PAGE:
With oil prices near $60/barrel, it seems like the best of times for oil companies. But it easily could be the worst of times. Recall the tumultuous sequence of events that followed the last global surge in commodity prices, during the 1960s and 70s.
In the mid-1960s, copper prices jumped by more than 50 percent and then kept on rising. 1968 was the best year yet for Anaconda Copper’s Gran Mineria mine in Chile. Profits had more than doubled. US-based Anaconda contended for the title of the world’s largest metal producer; and in Chile, Anaconda owned the world’s largest open-cast copper mine.
Then, in 1969, the Chilean government announced it was revising Anaconda’s concession. Two years after that, the government seized the mine, paying Anaconda little compensation. Following this political risk loss in Chile, Anaconda Corporation suffered a financial meltdown. By 1977, Anaconda had ceased to exist, its remaining assets snapped up by Atlantic Richfield.
The demise of Anaconda was only one among many such incidents. During the 1960s and 70s, host-country seizures of foreign direct investments claimed a staggering one-fifth of the value of US investment in the developing world. Well over 1,500 foreign affiliates of multinational firms were taken, many with little or no compensation.
It is widely assumed this could never happen again. The conventional wisdom has it that these expropriations were driven by ideology – communism and post-colonial nationalism. The incidents most remembered today are the seizures of private property that accompanied upheavals like the Cuban revolution. These were complete, indiscriminate, uncompensated and clearly political.
But the conventional wisdom is wrong. The number of such indiscriminate events was dwarfed by so-called “selective” expropriations. In the majority of cases, only one or two foreign-owned firms were taken in a country: the juiciest targets. The rest were left untouched. In aggregate, these “selective” seizures accounted for nearly 60 percent of the expropriations that took place between 1968 and 1979.
These “selective” seizures had a strong economic component. When the profits from copper soared, the Chilean government began to covet Anaconda’s mine. Around the world, the same story. As copper profits soared, copper mines were seized by host governments. Three mines, in Panama, Mauritania, and the Congo, in 1975; one more, also in the Congo, in 1976.
This was true for other metals as well. Gold and sliver prices climbed sharply from 1967 to 1972, and expropriations followed, peaking when five mines were seized, on opposite sides of the globe, in 1975 and 1976.
But where this was most true was in oil. The staggering price rises in oil made the markets for precious metals seem lethargic by comparison. In 1973 alone, oil prices jumped by 600 percent. But US and European oil execs negotiated hard: even as war raged around them in the Middle East, the oil majors refused to give in to host government demands for a greater share of the profits.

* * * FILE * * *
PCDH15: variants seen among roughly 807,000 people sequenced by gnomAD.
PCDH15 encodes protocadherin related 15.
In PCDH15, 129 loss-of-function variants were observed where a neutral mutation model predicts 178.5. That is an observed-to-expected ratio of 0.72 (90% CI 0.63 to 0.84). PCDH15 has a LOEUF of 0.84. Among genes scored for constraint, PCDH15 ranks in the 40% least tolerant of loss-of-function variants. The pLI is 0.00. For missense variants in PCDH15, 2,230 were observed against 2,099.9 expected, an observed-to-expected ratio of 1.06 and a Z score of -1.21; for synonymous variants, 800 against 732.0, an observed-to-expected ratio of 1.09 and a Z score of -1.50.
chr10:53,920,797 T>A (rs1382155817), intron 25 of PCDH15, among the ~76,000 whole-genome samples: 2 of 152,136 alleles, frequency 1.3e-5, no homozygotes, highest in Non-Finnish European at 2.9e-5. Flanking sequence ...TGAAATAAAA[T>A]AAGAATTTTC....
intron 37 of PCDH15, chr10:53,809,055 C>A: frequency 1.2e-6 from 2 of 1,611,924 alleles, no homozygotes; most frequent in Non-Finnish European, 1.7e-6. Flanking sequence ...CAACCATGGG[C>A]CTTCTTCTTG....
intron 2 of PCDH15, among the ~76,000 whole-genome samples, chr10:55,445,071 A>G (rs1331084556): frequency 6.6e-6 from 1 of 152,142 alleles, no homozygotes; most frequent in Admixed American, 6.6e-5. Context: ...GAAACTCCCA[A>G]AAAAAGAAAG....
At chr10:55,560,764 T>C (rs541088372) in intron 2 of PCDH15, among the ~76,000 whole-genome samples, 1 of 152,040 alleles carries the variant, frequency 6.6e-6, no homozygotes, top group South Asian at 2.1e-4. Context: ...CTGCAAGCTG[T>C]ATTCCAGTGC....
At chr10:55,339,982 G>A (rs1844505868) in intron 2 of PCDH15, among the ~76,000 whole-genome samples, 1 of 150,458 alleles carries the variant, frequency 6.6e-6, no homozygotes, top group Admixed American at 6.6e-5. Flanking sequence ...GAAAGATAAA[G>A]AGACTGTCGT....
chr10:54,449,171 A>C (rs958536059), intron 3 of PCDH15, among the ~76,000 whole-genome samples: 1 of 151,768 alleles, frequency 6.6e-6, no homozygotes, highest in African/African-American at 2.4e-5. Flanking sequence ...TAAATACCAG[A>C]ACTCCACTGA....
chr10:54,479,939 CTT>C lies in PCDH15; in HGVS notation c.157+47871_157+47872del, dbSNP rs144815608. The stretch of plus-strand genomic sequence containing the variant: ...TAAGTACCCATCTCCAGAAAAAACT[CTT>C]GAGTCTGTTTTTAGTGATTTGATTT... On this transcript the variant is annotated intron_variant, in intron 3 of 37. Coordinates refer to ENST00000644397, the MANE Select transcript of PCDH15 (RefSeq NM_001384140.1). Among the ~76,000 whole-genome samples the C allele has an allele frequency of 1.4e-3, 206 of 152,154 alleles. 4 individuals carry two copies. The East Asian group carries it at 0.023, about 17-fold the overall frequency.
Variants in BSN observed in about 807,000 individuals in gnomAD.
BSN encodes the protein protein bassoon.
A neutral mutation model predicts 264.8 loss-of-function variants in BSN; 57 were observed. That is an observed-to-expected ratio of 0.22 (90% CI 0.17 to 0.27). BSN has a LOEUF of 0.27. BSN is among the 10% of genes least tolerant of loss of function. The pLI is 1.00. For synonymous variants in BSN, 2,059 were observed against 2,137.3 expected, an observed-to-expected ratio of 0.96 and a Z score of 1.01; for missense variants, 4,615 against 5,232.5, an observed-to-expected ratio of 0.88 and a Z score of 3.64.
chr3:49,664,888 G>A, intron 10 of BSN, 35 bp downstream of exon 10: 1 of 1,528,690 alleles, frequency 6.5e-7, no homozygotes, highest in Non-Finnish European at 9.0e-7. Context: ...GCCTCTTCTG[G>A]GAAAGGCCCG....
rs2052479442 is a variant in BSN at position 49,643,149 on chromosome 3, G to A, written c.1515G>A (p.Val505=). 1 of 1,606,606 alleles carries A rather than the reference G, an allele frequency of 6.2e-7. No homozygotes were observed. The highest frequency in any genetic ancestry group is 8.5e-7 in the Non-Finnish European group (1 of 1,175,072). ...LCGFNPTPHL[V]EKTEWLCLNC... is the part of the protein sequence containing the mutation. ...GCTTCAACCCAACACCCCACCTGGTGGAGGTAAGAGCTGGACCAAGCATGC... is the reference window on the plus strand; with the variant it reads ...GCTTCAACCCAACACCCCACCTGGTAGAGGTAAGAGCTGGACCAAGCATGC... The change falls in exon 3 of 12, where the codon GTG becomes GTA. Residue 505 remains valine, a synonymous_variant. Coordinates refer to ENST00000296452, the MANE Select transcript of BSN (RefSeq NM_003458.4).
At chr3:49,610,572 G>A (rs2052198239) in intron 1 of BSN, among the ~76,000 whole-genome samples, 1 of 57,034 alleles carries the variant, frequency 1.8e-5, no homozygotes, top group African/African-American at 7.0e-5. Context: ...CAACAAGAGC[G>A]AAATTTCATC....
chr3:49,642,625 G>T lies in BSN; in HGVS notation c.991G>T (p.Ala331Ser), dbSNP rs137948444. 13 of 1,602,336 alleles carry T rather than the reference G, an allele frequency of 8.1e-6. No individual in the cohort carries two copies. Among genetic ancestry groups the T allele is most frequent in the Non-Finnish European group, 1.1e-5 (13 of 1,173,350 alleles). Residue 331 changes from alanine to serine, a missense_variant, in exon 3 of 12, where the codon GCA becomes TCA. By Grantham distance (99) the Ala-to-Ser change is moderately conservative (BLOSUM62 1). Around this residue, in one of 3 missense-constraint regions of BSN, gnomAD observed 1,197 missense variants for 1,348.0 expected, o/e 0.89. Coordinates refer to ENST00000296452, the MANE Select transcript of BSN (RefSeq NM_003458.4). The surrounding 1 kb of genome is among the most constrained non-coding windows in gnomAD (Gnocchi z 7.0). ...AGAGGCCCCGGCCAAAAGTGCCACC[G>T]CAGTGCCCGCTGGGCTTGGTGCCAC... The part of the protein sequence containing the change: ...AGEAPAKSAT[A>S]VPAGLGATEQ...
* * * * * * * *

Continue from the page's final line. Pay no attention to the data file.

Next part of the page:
And so, when the nationalizations came, they were complete and total. Nearly the entire industry – billions of dollars in US and European investment – was nationalized. In almost every country of the Middle East, the foreign owners were thrown out, with little compensation.
Today, over three decades later, this pattern is repeating itself. China’s ferocious demand for raw materials has produced another surge in world commodity prices. Copper prices have doubled in only two years. Gold is up nearly that much since 2002, and oil, about the same.
The resulting tremors in political risk have already been felt. In Peru, new taxes imposed on foreign-owned mines. In Venezuela, proposed changes to energy laws that would cut into the profits of foreign oil investors. In Bolivia, an escalating movement for nationalization. And in Russia, a demand for $1 billion in unpaid taxes from a project jointly owned by British Petroleum and a Russian company.
Oil executives have once again taken a hard negotiating line. The head of British Petroleum’s Russian operations lashed out at the Russian government in a public forum. The president of Exxon-Mobil, responding to rumors that the terms of its Venezuela contracts might be changed, shot back: “There’s not a country in the world we have to be in.”
True enough, but it could become a prophecy. When profits at foreign operations skyrocket, so do the risks. This is especially true for oil and mining – host governments see foreign companies making “excess profits” on their country’s natural resources. This makes foreign investors a lucrative, and politically vulnerable, target.
With global commodity prices soaring, investors have the chance to avoid a repeat of past mistakes. Oil and mining companies should put a good portion of their soaring profits right back into the host countries, via visible community investments. They should be flexible on contract terms early on. Once political momentum builds towards nationalization, no amount of after-the-fact concessions are likely to stop it.
And above all, oil and mineral investors must recognize that their contracts with foreign governments work because they fit global conditions, not because of their iron-clad legal language. If the contracts are out of step with reality, they create political risks. If investors bear this tenet in mind, and have sufficient luck and ingenuity, they may avoid Anaconda Corporation’s miserable fate – no matter how high oil prices soar.
This article was originally published on Countryrisk.com, before I sold the site to Roubini Global Economics.